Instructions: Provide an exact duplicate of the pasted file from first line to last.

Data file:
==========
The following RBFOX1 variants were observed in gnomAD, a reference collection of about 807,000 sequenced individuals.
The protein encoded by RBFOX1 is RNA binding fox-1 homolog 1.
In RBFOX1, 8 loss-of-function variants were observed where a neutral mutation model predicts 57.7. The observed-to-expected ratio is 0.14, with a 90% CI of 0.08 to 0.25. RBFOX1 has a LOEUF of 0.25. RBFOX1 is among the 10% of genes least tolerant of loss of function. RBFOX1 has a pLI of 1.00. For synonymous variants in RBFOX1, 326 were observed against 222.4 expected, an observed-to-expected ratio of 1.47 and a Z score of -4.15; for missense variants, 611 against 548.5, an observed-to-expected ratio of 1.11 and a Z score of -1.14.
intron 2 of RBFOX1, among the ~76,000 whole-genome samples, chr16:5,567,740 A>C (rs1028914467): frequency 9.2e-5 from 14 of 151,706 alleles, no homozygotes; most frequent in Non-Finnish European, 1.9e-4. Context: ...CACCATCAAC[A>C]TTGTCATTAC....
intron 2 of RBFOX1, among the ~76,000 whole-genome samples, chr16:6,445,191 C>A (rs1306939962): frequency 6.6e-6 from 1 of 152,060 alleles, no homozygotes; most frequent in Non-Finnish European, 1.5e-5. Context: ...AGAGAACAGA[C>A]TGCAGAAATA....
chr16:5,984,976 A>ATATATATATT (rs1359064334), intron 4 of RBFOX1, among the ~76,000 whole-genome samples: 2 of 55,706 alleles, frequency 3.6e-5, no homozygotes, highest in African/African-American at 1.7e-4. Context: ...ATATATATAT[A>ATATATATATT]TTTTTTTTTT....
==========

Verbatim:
The following RBFOX1 variants were observed in gnomAD, a reference collection of about 807,000 sequenced individuals.
The protein encoded by RBFOX1 is RNA binding fox-1 homolog 1.
In RBFOX1, 8 loss-of-function variants were observed where a neutral mutation model predicts 57.7. The observed-to-expected ratio is 0.14, with a 90% CI of 0.08 to 0.25. RBFOX1 has a LOEUF of 0.25. RBFOX1 is among the 10% of genes least tolerant of loss of function. RBFOX1 has a pLI of 1.00. For synonymous variants in RBFOX1, 326 were observed against 222.4 expected, an observed-to-expected ratio of 1.47 and a Z score of -4.15; for missense variants, 611 against 548.5, an observed-to-expected ratio of 1.11 and a Z score of -1.14.
intron 2 of RBFOX1, among the ~76,000 whole-genome samples, chr16:5,567,740 A>C (rs1028914467): frequency 9.2e-5 from 14 of 151,706 alleles, no homozygotes; most frequent in Non-Finnish European, 1.9e-4. Context: ...CACCATCAAC[A>C]TTGTCATTAC....
intron 2 of RBFOX1, among the ~76,000 whole-genome samples, chr16:6,445,191 C>A (rs1306939962): frequency 6.6e-6 from 1 of 152,060 alleles, no homozygotes; most frequent in Non-Finnish European, 1.5e-5. Context: ...AGAGAACAGA[C>A]TGCAGAAATA....
chr16:5,984,976 A>ATATATATATT (rs1359064334), intron 4 of RBFOX1, among the ~76,000 whole-genome samples: 2 of 55,706 alleles, frequency 3.6e-5, no homozygotes, highest in African/African-American at 1.7e-4. Context: ...ATATATATAT[A>ATATATATATT]TTTTTTTTTT....